I an an electrical engineer with some 10 years of experience in software development. Lately I have got a chance to design my first PCB but I am not sure what type of resource I need to master before I can design and deliver one (all by myself).

  1. First I know i need to get hold of PCB Software. I have followed Eagle Cad and Altium and I think have got a fair amount of hold of it.

  2. Before I can design my PCB, I need to draw schematic. For schematic I need to understand microcontroller really well. Does that means I need to fully understand all part of datasheet that I will be using in my design (for ADC, RTCC, etc)

  3. I am confused about learning curve, what should I do first. How long will it take.

Can someone guide me what I need to master before I can deliver a PCB, all by myself. Lets start with a simple project of setting up a clock and display it on COG display.

  • \$\begingroup\$ If you've never done this before, I suggest you do two things. First, get a couple books on PC board layout and design. Far too much to answer here. And second, get hold of some surplus or scrap PC boards and scrutinize how different designers did things. \$\endgroup\$
    – AlmostDone
    May 27, 2018 at 2:18
  • 3
    \$\begingroup\$ Look at a LOT of boards and their layouts. Don't trust the auto-router because in mixed analog/digital boards, and analog in general, it is lost. Notice that all major grounds and power feeds lead back to the power connector. Learn the reasons for that. \$\endgroup\$
    – user105652
    May 27, 2018 at 3:42
  • 1
    \$\begingroup\$ @engineer Yes, one must understand the components that are going into the schematic in order to create the schematic. \$\endgroup\$
    – AlmostDone
    May 27, 2018 at 3:54
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    \$\begingroup\$ How does one master any profession? \$\endgroup\$ May 27, 2018 at 8:00
  • 2
    \$\begingroup\$ @pipe: If that was sarcasm then +1. \$\endgroup\$
    – JRE
    May 27, 2018 at 8:25

2 Answers 2


In order to draw a schematic that works, you need to fully understand any and all hardware requirements for every single pin of every single component including the microcontroller. You also need to make sure that everything you draw complies with these requirements. This sounds daunting, but for the vast majority of them it will be very simple.

There is a huge amount to master in the process you have described, but you do not necessarily need to master everything in order to get a working design. This is because there is more than one definition of working. For example, there are many mistakes you can make with a layout that do not matter if you do not need your device to comply with EMC regulations, or if your ADC noise and accuracy requirements are relaxed, or if you do not require high speed signalling.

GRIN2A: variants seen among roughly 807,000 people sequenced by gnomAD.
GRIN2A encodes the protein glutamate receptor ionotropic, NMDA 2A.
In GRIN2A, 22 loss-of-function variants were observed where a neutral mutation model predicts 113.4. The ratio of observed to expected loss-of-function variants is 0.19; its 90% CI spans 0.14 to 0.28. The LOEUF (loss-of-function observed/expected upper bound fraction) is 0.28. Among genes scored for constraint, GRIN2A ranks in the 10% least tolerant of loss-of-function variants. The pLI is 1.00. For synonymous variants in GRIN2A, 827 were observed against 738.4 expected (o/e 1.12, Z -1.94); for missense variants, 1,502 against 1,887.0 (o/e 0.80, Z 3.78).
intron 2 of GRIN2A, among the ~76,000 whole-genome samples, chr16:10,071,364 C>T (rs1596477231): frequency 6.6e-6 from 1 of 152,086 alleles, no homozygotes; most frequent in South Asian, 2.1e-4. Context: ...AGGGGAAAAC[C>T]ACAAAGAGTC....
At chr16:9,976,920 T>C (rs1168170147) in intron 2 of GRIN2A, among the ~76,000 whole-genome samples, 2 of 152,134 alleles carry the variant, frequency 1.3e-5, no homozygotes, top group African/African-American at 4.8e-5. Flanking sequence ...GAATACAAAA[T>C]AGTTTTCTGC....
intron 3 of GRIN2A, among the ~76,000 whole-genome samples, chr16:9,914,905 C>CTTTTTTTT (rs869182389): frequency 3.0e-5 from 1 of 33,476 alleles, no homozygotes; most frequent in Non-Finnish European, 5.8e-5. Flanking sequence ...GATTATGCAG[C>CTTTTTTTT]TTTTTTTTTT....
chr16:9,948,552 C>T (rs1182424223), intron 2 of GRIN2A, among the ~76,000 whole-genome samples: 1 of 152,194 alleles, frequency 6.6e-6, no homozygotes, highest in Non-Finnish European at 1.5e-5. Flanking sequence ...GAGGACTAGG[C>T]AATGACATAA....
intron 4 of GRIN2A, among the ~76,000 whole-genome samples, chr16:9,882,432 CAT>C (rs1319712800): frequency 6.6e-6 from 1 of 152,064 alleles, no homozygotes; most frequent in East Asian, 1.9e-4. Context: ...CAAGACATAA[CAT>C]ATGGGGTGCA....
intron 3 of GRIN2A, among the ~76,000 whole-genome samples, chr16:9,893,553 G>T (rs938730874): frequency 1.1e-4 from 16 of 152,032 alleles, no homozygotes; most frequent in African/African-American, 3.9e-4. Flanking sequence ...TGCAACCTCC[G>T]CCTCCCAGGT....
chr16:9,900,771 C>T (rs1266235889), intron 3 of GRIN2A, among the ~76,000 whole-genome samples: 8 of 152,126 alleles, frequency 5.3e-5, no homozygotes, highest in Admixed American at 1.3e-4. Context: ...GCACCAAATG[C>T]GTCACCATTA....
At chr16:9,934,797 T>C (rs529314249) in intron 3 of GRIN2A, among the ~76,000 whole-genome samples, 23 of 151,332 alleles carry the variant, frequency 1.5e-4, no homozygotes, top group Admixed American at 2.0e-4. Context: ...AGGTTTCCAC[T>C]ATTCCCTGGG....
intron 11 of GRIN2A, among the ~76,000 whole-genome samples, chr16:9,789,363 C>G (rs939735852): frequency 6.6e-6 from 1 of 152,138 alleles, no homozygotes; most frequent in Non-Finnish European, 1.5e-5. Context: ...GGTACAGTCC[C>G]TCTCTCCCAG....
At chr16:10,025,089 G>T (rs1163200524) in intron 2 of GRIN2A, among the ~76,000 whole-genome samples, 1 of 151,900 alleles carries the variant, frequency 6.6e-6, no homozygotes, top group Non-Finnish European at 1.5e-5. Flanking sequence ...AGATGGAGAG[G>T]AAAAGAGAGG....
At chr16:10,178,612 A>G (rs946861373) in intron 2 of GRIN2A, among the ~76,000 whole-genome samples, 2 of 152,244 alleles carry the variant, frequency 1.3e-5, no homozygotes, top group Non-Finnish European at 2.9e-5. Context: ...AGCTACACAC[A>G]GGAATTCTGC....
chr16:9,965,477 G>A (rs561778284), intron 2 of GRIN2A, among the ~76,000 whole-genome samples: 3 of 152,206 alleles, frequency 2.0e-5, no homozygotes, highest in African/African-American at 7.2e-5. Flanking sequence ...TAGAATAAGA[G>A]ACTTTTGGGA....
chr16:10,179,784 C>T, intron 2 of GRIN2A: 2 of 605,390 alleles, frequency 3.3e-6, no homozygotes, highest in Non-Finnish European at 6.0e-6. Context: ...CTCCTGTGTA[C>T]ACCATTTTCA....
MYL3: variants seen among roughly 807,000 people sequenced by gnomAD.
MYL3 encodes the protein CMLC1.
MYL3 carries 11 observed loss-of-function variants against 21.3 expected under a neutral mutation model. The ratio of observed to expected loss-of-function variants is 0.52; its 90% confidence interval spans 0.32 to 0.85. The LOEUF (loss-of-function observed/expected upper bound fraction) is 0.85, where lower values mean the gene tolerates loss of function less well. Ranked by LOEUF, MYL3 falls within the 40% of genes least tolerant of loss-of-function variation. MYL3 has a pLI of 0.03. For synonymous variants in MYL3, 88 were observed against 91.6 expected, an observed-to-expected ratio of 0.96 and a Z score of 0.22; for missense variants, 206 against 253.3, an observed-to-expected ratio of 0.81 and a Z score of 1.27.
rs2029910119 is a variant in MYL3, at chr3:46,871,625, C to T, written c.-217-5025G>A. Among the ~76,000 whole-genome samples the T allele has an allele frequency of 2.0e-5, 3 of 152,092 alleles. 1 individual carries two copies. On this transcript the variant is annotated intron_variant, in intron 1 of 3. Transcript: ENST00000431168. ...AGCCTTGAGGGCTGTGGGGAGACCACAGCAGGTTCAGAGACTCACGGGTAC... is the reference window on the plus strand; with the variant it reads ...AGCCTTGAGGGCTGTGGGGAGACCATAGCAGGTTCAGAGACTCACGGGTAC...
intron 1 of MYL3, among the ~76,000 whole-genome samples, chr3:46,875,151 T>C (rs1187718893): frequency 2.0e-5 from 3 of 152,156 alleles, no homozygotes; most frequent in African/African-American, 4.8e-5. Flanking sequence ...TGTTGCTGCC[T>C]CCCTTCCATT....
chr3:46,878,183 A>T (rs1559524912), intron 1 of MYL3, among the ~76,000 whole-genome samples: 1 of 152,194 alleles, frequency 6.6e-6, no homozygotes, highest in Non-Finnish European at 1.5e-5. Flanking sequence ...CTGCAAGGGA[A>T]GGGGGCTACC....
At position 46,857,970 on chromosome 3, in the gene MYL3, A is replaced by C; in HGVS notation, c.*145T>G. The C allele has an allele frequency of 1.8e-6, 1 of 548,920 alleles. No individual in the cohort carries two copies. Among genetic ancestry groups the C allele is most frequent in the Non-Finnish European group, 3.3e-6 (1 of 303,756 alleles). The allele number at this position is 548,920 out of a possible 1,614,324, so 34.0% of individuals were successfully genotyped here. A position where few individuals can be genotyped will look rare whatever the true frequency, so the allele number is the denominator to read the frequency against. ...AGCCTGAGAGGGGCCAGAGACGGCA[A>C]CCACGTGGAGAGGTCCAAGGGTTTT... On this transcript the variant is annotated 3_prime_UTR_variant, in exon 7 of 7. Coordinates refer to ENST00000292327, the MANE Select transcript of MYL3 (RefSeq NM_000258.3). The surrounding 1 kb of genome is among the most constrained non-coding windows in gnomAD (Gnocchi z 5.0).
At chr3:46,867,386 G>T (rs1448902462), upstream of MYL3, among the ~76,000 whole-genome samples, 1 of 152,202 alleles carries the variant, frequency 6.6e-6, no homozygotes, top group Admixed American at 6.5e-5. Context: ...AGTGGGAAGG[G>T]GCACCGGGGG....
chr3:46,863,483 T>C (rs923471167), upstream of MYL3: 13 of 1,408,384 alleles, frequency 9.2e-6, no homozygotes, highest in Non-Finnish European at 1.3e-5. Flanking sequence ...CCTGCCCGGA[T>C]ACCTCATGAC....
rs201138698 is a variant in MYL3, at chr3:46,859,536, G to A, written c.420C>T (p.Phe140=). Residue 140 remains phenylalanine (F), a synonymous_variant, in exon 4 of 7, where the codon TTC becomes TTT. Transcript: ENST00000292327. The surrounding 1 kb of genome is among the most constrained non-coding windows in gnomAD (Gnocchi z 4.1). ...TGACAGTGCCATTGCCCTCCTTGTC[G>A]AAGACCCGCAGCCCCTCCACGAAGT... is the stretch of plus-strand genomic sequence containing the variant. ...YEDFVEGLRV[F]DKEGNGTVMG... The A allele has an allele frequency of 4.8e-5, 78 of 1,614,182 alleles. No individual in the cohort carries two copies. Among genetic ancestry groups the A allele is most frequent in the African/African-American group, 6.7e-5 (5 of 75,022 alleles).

The same is true of the schematic design. Do you care about performance over temperature? Protection from surges? Protection from users plugging in the wrong power source or signaling cables? If your definition of "working" is very relaxed you can tolerate many errors.

I suggest you buy an eval board for the micro you want to use, as well as a solderless breadboard and some compatible components and have a go at putting the circuit together. study the schematic for the eval kit (and eventually copy it). Test everything you do using the hardware before drawing it in the schematic. Make sure what you draw is exactly the same as your breadboard prototype. Dont ignore the power supply or jtag connections - either copy them exactly from the dev kit or test your implementation before committing it to your design.

Have fun!

Edit: you have specifically asked how long it will take to learn to do this. This is an unanswerable question! If your design is simple, I would expect a good EE graduate from a degree which has elements of this work in the degree programme to be able to do this in a month or 2 (to commercial standards, with guidance from seniors). If the requirements are complex further training may be required (up to 6 years?). If only a hobbyist level of working is required, a person with tinkering experience could learn this in less than 6 months maybe? So the answer is between a few months and 10 years.

  • \$\begingroup\$ Thanks for explaining very well, particularly "you need to fully understand any and all hardware requirements" \$\endgroup\$
    – TheTechGuy
    May 28, 2018 at 5:40

Start simple, do some ready made projects first and add more of your own effort into the design chain each time.

  • First use ready board layout (learn PCB fabrication or ordering)

  • Then ready schematic (learn PCB layout)

  • Then ready idea (learn schematic capture)

  • Then all your own (learn about data-sheets).

    Learn a new tool each time.


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